Premier Firearms Auction
May 12, 13, 14, & 15, 2023
Finest Hicks Bowie Known
14.5”overall, 9.75” clip point slightly upswept blade, unique to Hicks. Grip is made by encasing walnut slabs with brass side pieces each attached with 6 iron screws, the heavier gauge brass pommel with turned sculpted 2” turned down hook is attached with 2 larger iron screws. Stamped in 3 lines in wood “A.G. HICKS / MAKER / CLEVELAND, O”. The original and unique design sheath is 3-layered tarred leather sewn at edges with pinned & soldered 3-piece brass tip and pinned brass reinforcement at throat, integral belt loop.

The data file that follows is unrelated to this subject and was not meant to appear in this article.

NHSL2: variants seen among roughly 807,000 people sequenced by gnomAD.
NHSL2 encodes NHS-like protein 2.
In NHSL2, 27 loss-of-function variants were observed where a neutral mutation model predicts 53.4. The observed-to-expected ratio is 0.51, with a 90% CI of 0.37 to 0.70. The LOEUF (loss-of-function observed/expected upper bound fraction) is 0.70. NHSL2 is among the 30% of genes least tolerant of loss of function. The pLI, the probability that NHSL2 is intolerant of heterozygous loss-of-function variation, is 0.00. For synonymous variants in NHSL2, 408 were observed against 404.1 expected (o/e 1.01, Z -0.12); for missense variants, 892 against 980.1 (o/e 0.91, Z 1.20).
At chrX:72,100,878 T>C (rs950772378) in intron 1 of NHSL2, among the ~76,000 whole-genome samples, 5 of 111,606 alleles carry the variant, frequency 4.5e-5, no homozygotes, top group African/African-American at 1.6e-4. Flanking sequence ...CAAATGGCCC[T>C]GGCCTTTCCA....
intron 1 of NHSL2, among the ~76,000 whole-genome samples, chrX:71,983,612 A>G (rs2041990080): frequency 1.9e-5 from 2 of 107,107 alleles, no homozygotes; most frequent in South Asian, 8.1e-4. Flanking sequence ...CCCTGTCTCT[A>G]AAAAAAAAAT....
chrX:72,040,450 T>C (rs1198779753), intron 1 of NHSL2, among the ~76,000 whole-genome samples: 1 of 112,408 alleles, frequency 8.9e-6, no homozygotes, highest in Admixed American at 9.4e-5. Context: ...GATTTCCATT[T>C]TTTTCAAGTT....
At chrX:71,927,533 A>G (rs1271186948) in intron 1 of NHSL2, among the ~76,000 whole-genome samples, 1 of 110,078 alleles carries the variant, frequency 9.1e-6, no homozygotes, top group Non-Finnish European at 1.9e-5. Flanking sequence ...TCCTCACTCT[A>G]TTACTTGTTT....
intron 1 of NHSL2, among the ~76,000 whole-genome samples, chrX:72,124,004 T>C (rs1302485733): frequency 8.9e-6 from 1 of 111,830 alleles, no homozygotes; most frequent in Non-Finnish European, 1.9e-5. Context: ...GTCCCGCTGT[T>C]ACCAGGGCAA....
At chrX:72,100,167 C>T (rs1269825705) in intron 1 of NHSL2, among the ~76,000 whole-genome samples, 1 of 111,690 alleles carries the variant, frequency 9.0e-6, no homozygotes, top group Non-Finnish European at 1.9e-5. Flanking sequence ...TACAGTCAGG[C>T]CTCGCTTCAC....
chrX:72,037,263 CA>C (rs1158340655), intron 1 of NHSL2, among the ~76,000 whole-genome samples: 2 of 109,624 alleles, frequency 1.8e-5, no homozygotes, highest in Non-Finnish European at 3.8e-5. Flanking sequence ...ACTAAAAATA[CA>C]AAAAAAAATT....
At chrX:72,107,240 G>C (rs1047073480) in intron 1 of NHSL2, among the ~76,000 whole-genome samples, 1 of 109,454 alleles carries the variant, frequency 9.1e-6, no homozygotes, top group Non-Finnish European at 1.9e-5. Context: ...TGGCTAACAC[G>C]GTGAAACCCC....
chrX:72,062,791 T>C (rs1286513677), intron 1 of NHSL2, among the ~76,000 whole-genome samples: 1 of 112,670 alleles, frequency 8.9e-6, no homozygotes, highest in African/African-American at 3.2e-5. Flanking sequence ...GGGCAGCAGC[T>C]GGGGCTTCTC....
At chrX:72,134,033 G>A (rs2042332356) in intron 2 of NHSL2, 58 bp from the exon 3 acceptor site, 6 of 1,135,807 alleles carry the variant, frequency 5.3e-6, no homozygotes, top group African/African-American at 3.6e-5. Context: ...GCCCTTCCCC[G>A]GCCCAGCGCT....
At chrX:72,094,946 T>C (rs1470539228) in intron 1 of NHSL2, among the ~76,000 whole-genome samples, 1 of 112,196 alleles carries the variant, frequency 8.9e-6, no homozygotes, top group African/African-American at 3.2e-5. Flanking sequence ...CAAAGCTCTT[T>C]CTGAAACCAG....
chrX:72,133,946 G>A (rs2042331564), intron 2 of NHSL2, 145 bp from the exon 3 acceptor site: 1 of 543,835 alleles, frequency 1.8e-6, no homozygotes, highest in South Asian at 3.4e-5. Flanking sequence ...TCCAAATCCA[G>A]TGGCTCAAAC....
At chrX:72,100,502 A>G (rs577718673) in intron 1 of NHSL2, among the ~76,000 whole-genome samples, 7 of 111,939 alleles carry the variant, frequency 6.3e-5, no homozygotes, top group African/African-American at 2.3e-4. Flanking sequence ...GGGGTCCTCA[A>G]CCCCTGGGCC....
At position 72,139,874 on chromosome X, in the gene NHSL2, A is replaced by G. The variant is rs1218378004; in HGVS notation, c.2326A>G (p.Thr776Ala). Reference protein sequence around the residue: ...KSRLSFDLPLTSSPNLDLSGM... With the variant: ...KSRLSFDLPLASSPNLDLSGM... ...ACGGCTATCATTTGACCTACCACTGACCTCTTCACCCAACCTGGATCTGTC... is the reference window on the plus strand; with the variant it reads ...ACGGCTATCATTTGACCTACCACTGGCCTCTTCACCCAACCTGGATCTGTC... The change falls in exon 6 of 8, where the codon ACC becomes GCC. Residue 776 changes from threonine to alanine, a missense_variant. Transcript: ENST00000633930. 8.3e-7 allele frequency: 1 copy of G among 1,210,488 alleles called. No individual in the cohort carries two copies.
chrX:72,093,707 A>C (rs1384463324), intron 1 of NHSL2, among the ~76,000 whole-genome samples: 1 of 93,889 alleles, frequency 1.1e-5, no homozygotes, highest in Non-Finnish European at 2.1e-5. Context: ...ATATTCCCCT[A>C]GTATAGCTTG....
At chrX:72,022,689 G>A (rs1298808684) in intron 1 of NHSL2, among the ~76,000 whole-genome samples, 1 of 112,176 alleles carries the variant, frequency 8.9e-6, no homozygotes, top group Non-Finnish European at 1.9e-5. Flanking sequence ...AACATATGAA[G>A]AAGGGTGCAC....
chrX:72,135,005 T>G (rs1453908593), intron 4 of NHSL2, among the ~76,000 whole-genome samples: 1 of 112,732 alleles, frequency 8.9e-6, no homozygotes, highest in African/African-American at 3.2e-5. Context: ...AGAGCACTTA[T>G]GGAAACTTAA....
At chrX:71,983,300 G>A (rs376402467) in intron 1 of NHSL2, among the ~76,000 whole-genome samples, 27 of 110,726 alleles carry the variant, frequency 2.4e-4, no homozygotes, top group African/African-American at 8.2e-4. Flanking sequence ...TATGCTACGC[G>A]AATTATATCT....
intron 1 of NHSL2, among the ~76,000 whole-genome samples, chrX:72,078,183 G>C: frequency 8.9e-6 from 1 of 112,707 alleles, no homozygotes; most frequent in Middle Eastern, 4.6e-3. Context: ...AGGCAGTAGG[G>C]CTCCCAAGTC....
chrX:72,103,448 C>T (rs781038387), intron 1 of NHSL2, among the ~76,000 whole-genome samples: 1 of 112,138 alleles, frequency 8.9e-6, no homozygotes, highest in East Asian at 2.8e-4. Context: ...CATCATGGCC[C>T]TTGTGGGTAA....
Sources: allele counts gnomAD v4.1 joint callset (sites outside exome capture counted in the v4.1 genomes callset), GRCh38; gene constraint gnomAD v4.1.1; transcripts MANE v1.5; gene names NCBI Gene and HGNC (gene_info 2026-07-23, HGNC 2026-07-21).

Once thought to be Mexican war era rifleman’s knives as speculated by Berkeley Lewis in his 1956 “Small Arms & Ammunition in the United States Service”, later reinforced by Harold Peterson in his 1958 “American Knives”, these knives are now known to have been made no earlier than 1856. Mark Zalesky wrote wonderfully researched article in November 2015 “Knife Magazine” “The A.G. Hicks “Rifleman’s Knife” A Sixty Year Old Mystery Finally Solved”. The most interesting part of the article Is a quote from the Cleveland Plain Dealer newspaper July 18, 1861 telling of confiscation of trunk with 102 of these knives, “A Walking Arsenal” was title in newspaper. The confiscated trunk was sent to Governor Morton of Indiana. Another news article referring to these knives “He said he expected to find a ready sale for his knives among the Indiana volunteers. It is suspected that he designed taking them South.” of the approximately 20 known survivors, one is inscribed to a “Louisiana Tiger” captured at Manassas. There are several images of Union soldiers with Hicks Bowies, so they did get around. Hicks died in 1866 at age of 59. A lifetime maker of planes and other cutting tools, he also made some of the most desired of all American Civil War Bowies and this is the best survivor of them all.